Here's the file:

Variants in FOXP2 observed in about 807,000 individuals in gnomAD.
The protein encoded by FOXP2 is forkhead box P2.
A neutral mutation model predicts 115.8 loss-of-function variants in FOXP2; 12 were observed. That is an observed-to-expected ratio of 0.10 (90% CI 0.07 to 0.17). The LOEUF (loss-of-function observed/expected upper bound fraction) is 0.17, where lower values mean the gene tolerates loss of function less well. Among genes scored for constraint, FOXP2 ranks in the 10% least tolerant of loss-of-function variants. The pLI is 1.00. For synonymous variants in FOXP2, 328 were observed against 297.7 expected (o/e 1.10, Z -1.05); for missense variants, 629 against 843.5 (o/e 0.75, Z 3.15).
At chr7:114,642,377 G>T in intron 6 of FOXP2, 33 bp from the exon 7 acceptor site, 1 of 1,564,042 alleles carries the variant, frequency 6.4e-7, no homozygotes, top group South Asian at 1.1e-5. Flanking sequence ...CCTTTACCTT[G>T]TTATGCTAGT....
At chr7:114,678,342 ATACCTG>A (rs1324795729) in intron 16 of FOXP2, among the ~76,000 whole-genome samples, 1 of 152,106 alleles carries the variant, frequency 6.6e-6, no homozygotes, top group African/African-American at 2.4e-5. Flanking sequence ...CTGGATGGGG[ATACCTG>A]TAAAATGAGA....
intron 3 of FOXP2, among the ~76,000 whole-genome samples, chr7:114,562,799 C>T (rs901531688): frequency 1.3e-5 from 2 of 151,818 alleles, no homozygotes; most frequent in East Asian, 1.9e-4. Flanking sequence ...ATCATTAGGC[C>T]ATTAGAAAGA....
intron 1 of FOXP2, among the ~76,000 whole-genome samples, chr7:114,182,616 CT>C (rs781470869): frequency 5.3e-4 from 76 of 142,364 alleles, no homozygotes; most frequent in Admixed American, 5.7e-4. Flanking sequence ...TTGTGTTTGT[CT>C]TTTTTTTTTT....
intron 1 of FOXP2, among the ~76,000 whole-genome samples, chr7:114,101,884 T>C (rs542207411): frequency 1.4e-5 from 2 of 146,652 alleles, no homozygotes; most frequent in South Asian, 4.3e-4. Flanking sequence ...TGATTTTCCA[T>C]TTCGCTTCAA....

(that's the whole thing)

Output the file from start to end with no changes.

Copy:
Variants in FOXP2 observed in about 807,000 individuals in gnomAD.
The protein encoded by FOXP2 is forkhead box P2.
A neutral mutation model predicts 115.8 loss-of-function variants in FOXP2; 12 were observed. That is an observed-to-expected ratio of 0.10 (90% CI 0.07 to 0.17). The LOEUF (loss-of-function observed/expected upper bound fraction) is 0.17, where lower values mean the gene tolerates loss of function less well. Among genes scored for constraint, FOXP2 ranks in the 10% least tolerant of loss-of-function variants. The pLI is 1.00. For synonymous variants in FOXP2, 328 were observed against 297.7 expected (o/e 1.10, Z -1.05); for missense variants, 629 against 843.5 (o/e 0.75, Z 3.15).
At chr7:114,642,377 G>T in intron 6 of FOXP2, 33 bp from the exon 7 acceptor site, 1 of 1,564,042 alleles carries the variant, frequency 6.4e-7, no homozygotes, top group South Asian at 1.1e-5. Flanking sequence ...CCTTTACCTT[G>T]TTATGCTAGT....
At chr7:114,678,342 ATACCTG>A (rs1324795729) in intron 16 of FOXP2, among the ~76,000 whole-genome samples, 1 of 152,106 alleles carries the variant, frequency 6.6e-6, no homozygotes, top group African/African-American at 2.4e-5. Flanking sequence ...CTGGATGGGG[ATACCTG>A]TAAAATGAGA....
intron 3 of FOXP2, among the ~76,000 whole-genome samples, chr7:114,562,799 C>T (rs901531688): frequency 1.3e-5 from 2 of 151,818 alleles, no homozygotes; most frequent in East Asian, 1.9e-4. Flanking sequence ...ATCATTAGGC[C>T]ATTAGAAAGA....
intron 1 of FOXP2, among the ~76,000 whole-genome samples, chr7:114,182,616 CT>C (rs781470869): frequency 5.3e-4 from 76 of 142,364 alleles, no homozygotes; most frequent in Admixed American, 5.7e-4. Flanking sequence ...TTGTGTTTGT[CT>C]TTTTTTTTTT....
intron 1 of FOXP2, among the ~76,000 whole-genome samples, chr7:114,101,884 T>C (rs542207411): frequency 1.4e-5 from 2 of 146,652 alleles, no homozygotes; most frequent in South Asian, 4.3e-4. Flanking sequence ...TGATTTTCCA[T>C]TTCGCTTCAA....